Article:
What motivated you to start oak stories?
After finishing my studies, I worked for several media platforms. It has been a good learning school but I never felt it was a place for me to stay. I missed the immersive aspect of engaging in documentary or journalistic story-telling and to be honest, I was also tired of the prevailing mentality that you need to be an all-rounder and have knowledge and expertise in one too many fields. It is certainly useful to have a notion of different skills, but I believe that everybody has something in which they excel, and when I hand them over a task or a subject to work on, I am convinced they will present something worthwhile.
Our goal consists in executing each project with the utmost informative rigor and the highest audiovisual quality. This takes time. We fight against fast-food journalism making long term projects with exhaustive investigations and spending more than a couple of days on the ground.
what is the secret of making a documentary company successful?
The key is to surround yourself with a good team, with loyal and motivated people who do their very best. It is mandatory to share a similar vision of the process to develop a documentary project.
Looking towards the future, how do you see photo agencies in general, and oak stories specifically.
The big agencies will be bigger, because the mass media has fired many photographers in the era of the image. Print and online magazines need photographic content more than ever, but they can’t pay for a correspondent on the ground. The classic news agencies cover this aspect. At OAK, we work as an agency for our own longterm projects. We try to fill in the gap of the other agencies that can’t spend the needed time on the ground, focusing on a different kind of human stories beyond the breaking news.
How would you sum up documentary photography contemporary?
I have great appreciation for all kinds of photography. However, when we are talking about documentary stories I need to see a decent base of photography and research. Make sure that the photographs can live up to the context and make sure that the photographs convey a strong sense of belonging and understanding of the subject. I’m not served with text that lifts photographs up to a level not reached in the visual counterpart. If you use photography, think your work in photos. If you develop a documentary project, try to convey something with the pictures themselves.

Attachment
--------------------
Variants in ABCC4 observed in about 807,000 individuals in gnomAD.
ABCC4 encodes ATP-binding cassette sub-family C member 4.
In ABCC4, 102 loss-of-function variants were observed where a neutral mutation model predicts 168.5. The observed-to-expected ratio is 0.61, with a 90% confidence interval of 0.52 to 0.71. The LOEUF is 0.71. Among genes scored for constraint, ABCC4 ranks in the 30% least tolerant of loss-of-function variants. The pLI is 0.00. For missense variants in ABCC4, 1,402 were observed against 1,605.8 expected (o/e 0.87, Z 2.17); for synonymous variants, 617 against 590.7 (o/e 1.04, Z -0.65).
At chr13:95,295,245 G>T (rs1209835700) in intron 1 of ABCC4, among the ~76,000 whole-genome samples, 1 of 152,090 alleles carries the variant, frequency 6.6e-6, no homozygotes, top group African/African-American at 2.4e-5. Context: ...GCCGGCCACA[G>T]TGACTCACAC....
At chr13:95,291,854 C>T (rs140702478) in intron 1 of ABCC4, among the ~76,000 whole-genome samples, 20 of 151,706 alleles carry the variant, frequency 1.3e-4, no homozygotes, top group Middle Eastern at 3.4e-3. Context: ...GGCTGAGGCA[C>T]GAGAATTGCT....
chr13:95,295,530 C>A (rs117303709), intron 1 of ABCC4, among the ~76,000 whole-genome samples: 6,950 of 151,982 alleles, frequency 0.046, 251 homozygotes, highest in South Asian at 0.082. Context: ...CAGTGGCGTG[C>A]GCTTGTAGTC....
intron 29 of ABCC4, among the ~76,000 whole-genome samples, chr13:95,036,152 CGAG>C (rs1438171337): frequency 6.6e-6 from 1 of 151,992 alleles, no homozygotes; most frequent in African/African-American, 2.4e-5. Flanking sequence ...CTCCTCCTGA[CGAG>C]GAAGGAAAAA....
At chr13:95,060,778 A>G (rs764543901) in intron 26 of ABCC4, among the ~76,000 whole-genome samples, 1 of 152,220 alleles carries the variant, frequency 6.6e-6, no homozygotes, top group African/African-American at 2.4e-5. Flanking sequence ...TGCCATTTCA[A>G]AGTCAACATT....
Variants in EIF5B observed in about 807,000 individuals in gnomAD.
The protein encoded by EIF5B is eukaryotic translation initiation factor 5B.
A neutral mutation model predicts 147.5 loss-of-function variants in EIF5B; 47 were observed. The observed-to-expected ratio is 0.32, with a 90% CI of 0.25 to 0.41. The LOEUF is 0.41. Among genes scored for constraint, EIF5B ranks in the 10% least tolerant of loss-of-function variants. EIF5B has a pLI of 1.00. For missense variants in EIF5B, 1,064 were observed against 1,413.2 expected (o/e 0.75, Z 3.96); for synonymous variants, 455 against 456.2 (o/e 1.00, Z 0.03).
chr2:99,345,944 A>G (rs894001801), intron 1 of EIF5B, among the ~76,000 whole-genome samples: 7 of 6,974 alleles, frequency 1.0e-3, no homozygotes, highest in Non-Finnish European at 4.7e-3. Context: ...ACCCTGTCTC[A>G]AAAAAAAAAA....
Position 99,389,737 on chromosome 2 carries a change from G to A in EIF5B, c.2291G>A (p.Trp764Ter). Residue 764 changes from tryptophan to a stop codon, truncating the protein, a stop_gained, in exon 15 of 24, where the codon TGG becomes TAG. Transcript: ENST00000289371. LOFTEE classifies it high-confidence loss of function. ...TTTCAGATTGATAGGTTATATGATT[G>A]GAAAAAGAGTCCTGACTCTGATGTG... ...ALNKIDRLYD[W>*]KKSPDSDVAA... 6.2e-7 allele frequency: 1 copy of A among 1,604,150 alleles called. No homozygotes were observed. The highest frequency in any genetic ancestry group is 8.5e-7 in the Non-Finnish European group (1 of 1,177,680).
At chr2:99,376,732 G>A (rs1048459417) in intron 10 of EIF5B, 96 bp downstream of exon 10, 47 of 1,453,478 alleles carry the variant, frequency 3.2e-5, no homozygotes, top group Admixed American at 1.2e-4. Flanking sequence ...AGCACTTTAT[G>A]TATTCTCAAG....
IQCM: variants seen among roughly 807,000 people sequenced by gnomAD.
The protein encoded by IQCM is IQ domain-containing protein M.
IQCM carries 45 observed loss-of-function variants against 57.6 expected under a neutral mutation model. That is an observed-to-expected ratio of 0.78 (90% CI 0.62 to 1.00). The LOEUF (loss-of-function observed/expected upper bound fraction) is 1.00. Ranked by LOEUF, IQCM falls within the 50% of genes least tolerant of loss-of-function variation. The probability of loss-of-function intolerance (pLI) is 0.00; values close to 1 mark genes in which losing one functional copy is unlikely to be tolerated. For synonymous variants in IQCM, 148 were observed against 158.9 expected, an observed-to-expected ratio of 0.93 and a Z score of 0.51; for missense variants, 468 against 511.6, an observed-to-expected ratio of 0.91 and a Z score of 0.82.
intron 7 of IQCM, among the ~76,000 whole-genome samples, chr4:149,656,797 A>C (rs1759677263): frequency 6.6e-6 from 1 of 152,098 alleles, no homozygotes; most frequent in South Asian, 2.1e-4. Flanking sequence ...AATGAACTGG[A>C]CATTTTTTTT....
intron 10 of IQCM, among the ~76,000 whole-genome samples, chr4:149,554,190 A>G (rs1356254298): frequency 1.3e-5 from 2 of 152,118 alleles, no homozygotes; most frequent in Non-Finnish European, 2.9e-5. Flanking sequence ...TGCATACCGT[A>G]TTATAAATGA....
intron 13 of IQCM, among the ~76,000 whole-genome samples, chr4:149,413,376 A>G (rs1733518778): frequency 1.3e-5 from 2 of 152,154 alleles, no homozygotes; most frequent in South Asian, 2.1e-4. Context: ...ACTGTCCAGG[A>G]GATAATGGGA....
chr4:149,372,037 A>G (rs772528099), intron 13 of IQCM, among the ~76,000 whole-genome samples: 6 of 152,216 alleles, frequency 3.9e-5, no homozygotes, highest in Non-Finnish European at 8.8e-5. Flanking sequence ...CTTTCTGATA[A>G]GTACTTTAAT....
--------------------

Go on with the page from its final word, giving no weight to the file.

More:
What advice would you like to offer other artists that might help them learn to better promote and sell their work?
I would advice to not be shy and contact with editors, producers or curators from every magazine, newspaper, festival or TV channel where you want to see your work featured. Invest time, be patient but persuasive and develop a good database. Be generous and kind towards fellow photographers, you never know when you will need the help of your colleagues and I think it is our duty to take care of the relationships in our guild.
Are there any future projects you are excited about and would like to share with us?
OAK team is actually working on two new projects in Japan and Bolivia. Both projects are centered around ancient communities and how they live on in today’s society. You can follow our ongoing projects in our website section called CASK; where we are, what we do and how we work. It is the place to follow our journey and see a project grow. The cask is where our projects mature until they reach their finest audiovisual quality and the utmost journalistic rigor. Only then do we consider having a true OAK story.
In closing, is there anything you would like to say about your agency, partners or team?
I want to recognize the hard work of our Chief Research Officer, Alex Rodal. He is the man behind every project, the name that doesn’t appear in the publications, but whose contribution is essential to all our projects.